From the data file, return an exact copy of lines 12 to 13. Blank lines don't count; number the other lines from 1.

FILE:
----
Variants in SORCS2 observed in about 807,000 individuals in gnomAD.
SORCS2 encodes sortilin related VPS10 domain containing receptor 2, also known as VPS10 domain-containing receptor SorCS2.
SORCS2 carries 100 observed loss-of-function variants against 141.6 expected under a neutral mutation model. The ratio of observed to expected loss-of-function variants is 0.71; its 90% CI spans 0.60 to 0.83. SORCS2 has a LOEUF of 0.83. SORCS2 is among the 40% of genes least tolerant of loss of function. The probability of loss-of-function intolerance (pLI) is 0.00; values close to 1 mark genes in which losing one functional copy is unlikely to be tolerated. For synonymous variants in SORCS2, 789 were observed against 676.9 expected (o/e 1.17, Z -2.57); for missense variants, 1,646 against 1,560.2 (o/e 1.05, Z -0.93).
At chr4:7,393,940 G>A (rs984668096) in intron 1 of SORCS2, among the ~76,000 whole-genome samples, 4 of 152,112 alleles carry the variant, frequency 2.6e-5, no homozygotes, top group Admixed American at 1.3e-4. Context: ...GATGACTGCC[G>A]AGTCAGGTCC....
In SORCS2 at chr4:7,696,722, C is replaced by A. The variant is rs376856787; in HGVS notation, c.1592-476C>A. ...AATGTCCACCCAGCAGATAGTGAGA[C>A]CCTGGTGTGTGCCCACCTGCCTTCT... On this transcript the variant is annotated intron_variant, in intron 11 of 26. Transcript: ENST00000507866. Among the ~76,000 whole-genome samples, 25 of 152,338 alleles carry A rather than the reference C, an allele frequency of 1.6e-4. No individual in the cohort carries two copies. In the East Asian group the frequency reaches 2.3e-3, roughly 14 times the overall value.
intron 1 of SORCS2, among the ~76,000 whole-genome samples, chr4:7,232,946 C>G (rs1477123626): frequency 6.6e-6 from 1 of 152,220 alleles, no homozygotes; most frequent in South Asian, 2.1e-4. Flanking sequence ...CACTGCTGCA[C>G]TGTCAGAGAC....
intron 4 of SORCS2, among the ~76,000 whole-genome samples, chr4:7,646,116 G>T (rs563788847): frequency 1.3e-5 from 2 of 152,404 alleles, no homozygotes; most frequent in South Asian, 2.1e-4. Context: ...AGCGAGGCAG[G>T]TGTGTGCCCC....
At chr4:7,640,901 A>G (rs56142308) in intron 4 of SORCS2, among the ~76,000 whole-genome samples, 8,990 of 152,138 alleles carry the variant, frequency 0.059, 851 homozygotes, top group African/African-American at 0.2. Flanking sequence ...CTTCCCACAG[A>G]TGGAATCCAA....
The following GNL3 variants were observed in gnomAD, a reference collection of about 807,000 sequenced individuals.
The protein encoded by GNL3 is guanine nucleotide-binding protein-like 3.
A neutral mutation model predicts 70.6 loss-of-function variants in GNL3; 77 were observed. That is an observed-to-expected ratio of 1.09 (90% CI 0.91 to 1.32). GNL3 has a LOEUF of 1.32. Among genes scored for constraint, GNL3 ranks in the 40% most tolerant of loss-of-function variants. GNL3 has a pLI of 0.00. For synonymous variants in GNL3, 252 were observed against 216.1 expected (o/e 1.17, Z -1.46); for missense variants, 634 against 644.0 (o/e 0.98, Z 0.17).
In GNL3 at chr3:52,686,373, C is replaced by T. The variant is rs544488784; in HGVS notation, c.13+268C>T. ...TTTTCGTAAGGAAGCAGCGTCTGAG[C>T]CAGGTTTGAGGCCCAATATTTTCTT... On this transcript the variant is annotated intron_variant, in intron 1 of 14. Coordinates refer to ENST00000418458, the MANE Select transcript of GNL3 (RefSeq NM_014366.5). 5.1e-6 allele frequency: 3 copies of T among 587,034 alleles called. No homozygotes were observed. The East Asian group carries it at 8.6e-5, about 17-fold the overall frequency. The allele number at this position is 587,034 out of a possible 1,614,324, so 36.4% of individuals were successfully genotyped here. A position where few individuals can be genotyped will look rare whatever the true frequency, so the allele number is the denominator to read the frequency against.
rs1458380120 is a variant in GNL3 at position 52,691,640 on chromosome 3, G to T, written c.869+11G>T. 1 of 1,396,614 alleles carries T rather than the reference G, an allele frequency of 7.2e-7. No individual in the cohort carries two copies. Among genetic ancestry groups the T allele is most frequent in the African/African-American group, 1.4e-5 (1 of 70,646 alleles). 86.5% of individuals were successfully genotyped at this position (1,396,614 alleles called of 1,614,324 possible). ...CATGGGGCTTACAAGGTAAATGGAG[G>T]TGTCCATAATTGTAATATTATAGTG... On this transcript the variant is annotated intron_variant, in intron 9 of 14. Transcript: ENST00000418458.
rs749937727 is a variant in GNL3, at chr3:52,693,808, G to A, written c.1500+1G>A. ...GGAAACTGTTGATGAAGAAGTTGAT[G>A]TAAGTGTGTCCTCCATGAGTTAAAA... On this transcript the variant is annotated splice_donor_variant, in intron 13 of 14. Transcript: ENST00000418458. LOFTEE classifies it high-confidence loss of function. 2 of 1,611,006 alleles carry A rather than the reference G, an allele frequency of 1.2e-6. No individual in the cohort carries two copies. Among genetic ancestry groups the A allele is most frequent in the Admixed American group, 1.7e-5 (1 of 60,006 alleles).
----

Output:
In GNL3 at chr3:52,686,373, C is replaced by T. The variant is rs544488784; in HGVS notation, c.13+268C>T. ...TTTTCGTAAGGAAGCAGCGTCTGAG[C>T]CAGGTTTGAGGCCCAATATTTTCTT... On this transcript the variant is annotated intron_variant, in intron 1 of 14. Coordinates refer to ENST00000418458, the MANE Select transcript of GNL3 (RefSeq NM_014366.5). 5.1e-6 allele frequency: 3 copies of T among 587,034 alleles called. No homozygotes were observed. The East Asian group carries it at 8.6e-5, about 17-fold the overall frequency. The allele number at this position is 587,034 out of a possible 1,614,324, so 36.4% of individuals were successfully genotyped here. A position where few individuals can be genotyped will look rare whatever the true frequency, so the allele number is the denominator to read the frequency against.
rs1458380120 is a variant in GNL3 at position 52,691,640 on chromosome 3, G to T, written c.869+11G>T. 1 of 1,396,614 alleles carries T rather than the reference G, an allele frequency of 7.2e-7. No individual in the cohort carries two copies. Among genetic ancestry groups the T allele is most frequent in the African/African-American group, 1.4e-5 (1 of 70,646 alleles). 86.5% of individuals were successfully genotyped at this position (1,396,614 alleles called of 1,614,324 possible). ...CATGGGGCTTACAAGGTAAATGGAG[G>T]TGTCCATAATTGTAATATTATAGTG... On this transcript the variant is annotated intron_variant, in intron 9 of 14. Transcript: ENST00000418458.